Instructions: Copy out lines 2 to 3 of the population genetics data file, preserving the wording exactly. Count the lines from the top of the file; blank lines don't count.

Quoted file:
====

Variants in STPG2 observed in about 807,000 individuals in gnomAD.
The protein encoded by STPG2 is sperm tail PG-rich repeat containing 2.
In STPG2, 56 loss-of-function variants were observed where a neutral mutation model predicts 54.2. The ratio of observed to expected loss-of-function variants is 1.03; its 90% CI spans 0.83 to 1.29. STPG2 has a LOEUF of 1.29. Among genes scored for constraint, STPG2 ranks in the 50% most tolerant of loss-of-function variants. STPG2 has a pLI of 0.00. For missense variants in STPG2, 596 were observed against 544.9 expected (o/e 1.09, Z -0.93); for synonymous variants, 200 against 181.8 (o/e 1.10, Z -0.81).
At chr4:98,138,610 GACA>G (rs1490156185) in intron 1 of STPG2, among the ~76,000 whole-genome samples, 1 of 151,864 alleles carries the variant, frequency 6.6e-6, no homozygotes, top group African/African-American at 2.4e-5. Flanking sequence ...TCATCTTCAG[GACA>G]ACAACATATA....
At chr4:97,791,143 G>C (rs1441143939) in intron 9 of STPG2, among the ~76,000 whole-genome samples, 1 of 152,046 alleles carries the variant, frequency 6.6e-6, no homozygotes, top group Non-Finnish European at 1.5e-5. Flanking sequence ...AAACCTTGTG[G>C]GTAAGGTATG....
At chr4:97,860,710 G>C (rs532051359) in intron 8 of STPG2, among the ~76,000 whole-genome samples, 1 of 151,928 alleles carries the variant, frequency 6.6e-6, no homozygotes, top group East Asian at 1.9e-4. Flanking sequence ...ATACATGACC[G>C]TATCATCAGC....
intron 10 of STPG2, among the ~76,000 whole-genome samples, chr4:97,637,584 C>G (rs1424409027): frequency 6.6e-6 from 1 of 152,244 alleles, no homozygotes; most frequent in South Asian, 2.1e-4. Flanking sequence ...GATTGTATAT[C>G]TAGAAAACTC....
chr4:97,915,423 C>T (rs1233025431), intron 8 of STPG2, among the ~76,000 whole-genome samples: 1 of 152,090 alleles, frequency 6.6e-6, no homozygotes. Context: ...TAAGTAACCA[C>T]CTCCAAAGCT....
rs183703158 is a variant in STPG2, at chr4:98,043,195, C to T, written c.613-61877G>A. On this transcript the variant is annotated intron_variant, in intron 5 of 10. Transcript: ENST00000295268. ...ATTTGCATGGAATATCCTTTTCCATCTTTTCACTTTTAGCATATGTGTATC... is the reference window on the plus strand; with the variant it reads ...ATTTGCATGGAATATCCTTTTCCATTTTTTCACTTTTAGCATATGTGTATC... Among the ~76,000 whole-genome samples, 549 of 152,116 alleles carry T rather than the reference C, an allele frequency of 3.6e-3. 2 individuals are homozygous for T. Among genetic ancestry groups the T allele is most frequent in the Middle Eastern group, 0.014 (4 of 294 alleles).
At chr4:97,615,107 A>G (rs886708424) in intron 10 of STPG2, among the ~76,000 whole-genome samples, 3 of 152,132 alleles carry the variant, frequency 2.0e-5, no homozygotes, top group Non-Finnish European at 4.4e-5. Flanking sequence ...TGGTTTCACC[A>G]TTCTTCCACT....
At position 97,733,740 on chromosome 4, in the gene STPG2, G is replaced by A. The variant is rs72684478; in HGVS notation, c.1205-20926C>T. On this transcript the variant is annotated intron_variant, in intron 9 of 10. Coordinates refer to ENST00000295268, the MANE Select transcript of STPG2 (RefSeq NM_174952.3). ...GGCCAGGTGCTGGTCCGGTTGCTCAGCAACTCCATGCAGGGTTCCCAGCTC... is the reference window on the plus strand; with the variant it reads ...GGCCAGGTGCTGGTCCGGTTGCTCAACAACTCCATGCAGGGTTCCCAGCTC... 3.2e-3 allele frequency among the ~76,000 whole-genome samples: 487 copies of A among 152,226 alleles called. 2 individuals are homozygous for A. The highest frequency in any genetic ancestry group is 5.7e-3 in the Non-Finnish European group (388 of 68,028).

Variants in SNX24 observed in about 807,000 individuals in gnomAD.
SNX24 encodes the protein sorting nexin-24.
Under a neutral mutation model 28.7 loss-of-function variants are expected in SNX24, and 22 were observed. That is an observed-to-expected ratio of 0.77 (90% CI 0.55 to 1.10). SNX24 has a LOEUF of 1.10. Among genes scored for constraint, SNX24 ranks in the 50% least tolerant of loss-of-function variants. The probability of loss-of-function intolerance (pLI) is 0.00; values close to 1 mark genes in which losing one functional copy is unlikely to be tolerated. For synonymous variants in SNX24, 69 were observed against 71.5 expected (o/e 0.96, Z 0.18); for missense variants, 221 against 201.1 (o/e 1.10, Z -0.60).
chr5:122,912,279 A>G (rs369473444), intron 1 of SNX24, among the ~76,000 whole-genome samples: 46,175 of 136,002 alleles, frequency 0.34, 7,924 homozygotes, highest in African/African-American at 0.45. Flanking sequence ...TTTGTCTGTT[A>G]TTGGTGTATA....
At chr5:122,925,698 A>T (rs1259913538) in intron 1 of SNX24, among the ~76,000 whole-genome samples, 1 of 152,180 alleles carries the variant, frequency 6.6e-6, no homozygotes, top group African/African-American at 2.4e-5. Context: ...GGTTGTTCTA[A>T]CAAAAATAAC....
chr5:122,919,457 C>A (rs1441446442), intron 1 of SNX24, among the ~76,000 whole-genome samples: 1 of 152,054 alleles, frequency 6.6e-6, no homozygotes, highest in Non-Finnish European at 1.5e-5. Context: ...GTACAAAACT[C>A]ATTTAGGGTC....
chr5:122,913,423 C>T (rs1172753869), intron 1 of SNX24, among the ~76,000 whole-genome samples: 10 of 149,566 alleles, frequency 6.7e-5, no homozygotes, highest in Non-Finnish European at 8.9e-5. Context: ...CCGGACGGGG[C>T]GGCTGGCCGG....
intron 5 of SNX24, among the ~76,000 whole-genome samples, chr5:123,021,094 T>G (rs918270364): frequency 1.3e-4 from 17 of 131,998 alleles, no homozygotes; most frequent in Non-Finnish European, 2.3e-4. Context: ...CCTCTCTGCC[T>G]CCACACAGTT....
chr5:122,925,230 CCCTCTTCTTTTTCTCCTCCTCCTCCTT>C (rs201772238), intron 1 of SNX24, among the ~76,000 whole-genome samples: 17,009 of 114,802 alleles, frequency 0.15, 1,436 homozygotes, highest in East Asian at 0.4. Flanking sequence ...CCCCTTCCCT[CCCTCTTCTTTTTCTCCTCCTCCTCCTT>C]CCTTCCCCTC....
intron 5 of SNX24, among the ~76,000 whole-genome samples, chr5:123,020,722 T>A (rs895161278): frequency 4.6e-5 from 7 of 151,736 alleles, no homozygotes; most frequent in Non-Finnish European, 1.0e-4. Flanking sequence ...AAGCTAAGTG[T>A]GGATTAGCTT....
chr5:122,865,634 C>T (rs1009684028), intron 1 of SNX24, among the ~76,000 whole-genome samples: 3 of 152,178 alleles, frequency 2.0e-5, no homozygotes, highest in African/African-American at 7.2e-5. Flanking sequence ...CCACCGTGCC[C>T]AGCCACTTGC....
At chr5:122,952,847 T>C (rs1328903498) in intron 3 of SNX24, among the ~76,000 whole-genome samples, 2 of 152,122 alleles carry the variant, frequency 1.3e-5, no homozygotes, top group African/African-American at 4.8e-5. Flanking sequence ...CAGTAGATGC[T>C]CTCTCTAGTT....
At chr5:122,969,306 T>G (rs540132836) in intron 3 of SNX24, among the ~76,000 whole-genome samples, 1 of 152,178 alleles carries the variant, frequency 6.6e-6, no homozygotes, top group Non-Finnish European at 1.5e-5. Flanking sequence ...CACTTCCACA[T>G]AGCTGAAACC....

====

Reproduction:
The protein encoded by STPG2 is sperm tail PG-rich repeat containing 2.
In STPG2, 56 loss-of-function variants were observed where a neutral mutation model predicts 54.2. The ratio of observed to expected loss-of-function variants is 1.03; its 90% CI spans 0.83 to 1.29. STPG2 has a LOEUF of 1.29. Among genes scored for constraint, STPG2 ranks in the 50% most tolerant of loss-of-function variants. STPG2 has a pLI of 0.00. For missense variants in STPG2, 596 were observed against 544.9 expected (o/e 1.09, Z -0.93); for synonymous variants, 200 against 181.8 (o/e 1.10, Z -0.81).